The Ohio General Assembly recently enacted H.B. 489, which implements the new Rev. Code 1349.72 regulating creditors, debt collectors, and mortgage servicers. It became effective on March 20, 2019 and poses significant compliance issues for servicers.
R.C. 1349.72 applies broadly, requiring any person or entity to provide a specific disclosure to the borrower before collecting or attempting to collect a defaulted debt that is also secured by a second mortgage or junior lien on the borrower’s residential property. The statute requires providing the borrower with all of the following:
- The name and contact information of the person collecting the debt
- The debt amount
- A statement that the borrower has a right to an attorney
- A statement that the borrower may qualify for debt relief under Chapter 7 or 13 of the U.S. Bankruptcy Code
- A statement that a borrower who qualifies under Chapter 13 of the U.S. Bankruptcy Code may be able to protect their residential real property from foreclosure
The statute also requires providing the borrower with a copy of the note and loan history upon request.
The language used in the statute is broad and can reasonably be interpreted to apply to mortgage originators and servicers, law firms, and debt collectors. The statute is also vague, leaving many key terms, including “default,” undefined.
In light of this, Manley Deas Kochalski, LLC believes that courts will generally look to the definition of “default” in the agreement between the parties. In the mortgage servicing industry, the note and mortgage would control the definition of this term. Unfortunately, even standard notes and mortgages contain varying definitions of default that range from the day after the missed payment to the end of a grace period or failure to make the payment by the date the next payment is due.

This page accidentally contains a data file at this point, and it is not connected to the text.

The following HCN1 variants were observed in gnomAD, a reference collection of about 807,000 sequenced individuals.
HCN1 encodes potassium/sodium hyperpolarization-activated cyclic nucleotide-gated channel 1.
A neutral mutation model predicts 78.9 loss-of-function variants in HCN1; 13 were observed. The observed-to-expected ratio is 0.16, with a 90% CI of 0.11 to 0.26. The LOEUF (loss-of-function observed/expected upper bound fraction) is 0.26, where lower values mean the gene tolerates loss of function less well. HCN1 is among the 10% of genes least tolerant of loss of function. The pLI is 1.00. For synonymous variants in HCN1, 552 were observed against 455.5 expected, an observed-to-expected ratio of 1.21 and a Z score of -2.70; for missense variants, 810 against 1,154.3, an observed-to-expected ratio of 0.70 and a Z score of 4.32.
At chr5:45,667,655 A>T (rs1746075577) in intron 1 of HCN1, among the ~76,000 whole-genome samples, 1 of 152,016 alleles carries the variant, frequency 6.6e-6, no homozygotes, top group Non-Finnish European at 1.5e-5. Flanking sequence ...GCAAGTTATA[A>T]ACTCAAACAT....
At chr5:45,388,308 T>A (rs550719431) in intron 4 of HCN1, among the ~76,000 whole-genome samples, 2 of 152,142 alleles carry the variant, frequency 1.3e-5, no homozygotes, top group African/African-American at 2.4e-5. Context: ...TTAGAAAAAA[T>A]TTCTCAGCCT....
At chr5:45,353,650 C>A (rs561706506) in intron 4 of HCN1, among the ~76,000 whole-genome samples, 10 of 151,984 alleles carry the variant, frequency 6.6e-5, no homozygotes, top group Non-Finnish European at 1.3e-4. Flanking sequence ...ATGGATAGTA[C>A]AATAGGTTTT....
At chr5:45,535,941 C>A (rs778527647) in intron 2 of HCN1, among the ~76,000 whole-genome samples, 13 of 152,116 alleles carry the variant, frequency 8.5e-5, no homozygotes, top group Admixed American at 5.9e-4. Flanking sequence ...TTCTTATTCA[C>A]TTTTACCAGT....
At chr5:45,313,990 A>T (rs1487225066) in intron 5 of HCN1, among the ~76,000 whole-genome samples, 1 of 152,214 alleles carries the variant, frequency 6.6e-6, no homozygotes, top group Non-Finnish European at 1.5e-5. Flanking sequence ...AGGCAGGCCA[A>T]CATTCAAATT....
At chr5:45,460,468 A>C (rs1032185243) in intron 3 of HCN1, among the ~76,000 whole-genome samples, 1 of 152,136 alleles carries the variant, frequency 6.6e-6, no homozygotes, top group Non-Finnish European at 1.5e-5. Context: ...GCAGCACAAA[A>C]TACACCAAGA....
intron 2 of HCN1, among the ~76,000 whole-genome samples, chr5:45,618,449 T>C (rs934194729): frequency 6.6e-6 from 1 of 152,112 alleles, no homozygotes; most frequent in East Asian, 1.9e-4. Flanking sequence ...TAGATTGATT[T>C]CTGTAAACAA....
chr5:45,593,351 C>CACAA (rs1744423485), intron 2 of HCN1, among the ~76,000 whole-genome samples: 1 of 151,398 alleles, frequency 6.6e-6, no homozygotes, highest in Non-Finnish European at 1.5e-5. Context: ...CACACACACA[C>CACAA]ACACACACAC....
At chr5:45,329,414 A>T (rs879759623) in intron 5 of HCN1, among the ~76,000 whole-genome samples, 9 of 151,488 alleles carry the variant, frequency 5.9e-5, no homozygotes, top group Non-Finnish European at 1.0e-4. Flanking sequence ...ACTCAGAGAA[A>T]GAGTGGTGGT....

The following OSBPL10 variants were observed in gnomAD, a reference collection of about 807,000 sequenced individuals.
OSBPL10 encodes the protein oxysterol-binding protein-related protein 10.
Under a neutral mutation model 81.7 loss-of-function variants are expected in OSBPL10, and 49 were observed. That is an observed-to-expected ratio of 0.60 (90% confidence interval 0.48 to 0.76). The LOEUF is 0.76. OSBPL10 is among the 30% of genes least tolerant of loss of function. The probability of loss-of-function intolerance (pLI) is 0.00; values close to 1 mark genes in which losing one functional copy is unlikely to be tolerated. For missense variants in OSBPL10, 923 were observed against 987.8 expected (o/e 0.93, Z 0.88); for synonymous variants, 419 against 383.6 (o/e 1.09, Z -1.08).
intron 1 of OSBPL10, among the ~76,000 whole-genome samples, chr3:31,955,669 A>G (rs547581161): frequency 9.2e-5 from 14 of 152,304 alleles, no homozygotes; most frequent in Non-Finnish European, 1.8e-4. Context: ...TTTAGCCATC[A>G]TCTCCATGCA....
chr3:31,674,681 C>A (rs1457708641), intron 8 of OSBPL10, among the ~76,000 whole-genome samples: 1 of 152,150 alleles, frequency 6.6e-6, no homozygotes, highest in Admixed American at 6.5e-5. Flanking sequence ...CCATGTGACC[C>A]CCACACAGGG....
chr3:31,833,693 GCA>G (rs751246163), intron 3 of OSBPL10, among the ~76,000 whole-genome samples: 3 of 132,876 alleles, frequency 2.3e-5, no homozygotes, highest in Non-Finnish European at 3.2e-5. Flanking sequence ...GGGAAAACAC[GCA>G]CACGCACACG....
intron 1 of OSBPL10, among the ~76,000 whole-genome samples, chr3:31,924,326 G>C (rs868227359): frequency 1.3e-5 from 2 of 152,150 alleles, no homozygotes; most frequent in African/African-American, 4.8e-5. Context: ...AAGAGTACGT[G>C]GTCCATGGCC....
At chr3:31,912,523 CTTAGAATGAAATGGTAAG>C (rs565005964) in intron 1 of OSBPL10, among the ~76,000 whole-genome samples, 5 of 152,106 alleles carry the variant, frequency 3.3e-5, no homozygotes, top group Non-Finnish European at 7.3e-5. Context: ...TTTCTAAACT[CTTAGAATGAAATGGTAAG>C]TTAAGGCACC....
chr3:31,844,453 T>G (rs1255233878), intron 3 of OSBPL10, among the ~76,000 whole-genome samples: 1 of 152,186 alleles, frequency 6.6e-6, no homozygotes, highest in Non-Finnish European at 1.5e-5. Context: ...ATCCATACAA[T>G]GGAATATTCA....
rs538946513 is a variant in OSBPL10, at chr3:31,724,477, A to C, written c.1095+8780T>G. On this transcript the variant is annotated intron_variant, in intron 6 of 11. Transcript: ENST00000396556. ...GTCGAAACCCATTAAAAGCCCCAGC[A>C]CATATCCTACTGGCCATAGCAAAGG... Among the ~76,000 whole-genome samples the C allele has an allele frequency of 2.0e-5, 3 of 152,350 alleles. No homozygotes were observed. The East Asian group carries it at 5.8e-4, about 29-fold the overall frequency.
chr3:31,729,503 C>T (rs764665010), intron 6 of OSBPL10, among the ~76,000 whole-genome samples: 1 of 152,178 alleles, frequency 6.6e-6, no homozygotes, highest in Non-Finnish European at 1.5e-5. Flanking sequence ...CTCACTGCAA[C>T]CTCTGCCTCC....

Likewise, the statute doesn’t define what is meant by “collects or attempts to collect.” The phrase could be interpreted to include activity such as payment reminder calls or reminder notices, which could easily occur before a breach letter is sent. There’s even a risk that receiving an ordinary late payment could create a lack of compliance.
The statute gives the borrower a cause of action for any alleged lack of compliance. For this reason, foreclosures could be delayed or burdened with additional claims asserted by borrowers.